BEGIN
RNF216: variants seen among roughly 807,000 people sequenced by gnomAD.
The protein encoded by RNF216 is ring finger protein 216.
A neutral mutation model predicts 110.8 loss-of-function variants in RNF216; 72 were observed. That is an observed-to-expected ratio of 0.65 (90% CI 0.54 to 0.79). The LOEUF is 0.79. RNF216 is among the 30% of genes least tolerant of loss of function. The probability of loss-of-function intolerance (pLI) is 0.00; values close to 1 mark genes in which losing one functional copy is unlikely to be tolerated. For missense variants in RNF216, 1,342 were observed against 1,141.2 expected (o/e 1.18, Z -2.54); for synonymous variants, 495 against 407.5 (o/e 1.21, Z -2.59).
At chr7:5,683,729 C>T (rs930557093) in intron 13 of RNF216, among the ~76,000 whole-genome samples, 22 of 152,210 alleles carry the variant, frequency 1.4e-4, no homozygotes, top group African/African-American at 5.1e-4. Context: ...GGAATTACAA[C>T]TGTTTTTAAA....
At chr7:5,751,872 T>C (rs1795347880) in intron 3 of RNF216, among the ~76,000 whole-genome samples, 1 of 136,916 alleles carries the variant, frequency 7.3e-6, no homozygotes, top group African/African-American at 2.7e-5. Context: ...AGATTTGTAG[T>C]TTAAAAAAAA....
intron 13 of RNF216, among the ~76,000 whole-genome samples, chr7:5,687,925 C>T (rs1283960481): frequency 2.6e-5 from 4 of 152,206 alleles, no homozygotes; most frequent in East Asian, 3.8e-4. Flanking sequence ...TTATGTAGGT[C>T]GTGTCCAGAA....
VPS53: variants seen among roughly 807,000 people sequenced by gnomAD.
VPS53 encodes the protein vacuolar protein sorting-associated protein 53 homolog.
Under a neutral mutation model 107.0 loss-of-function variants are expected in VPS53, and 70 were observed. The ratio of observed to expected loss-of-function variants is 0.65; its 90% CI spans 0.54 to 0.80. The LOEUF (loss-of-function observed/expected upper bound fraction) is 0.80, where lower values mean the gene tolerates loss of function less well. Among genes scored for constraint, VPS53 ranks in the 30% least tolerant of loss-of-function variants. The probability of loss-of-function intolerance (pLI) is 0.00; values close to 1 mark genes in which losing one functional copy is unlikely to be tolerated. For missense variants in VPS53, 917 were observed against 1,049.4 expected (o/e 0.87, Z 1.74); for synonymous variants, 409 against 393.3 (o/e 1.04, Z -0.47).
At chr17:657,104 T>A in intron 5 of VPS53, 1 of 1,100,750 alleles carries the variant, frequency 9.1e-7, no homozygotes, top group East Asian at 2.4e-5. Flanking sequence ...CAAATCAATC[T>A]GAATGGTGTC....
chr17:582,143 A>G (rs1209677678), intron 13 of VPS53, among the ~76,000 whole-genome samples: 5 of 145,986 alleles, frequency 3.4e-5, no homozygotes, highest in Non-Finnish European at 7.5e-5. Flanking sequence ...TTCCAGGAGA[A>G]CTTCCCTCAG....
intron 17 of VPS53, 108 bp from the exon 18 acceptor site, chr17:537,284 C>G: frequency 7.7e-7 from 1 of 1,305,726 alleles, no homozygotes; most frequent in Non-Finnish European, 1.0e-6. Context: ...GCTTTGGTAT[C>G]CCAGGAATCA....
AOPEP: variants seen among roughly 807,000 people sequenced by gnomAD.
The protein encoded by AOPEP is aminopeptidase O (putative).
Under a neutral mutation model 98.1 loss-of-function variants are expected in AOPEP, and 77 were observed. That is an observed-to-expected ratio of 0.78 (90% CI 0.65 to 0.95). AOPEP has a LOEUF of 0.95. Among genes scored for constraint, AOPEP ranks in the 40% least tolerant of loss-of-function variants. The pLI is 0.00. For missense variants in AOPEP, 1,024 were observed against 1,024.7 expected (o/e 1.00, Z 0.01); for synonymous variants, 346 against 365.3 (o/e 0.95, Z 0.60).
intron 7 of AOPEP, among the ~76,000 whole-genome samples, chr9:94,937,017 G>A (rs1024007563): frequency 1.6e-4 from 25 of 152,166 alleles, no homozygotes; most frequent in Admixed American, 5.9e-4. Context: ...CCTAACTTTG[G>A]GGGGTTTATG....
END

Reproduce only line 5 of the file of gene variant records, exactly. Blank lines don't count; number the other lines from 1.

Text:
At chr7:5,751,872 T>C (rs1795347880) in intron 3 of RNF216, among the ~76,000 whole-genome samples, 1 of 136,916 alleles carries the variant, frequency 7.3e-6, no homozygotes, top group African/African-American at 2.7e-5. Context: ...AGATTTGTAG[T>C]TTAAAAAAAA....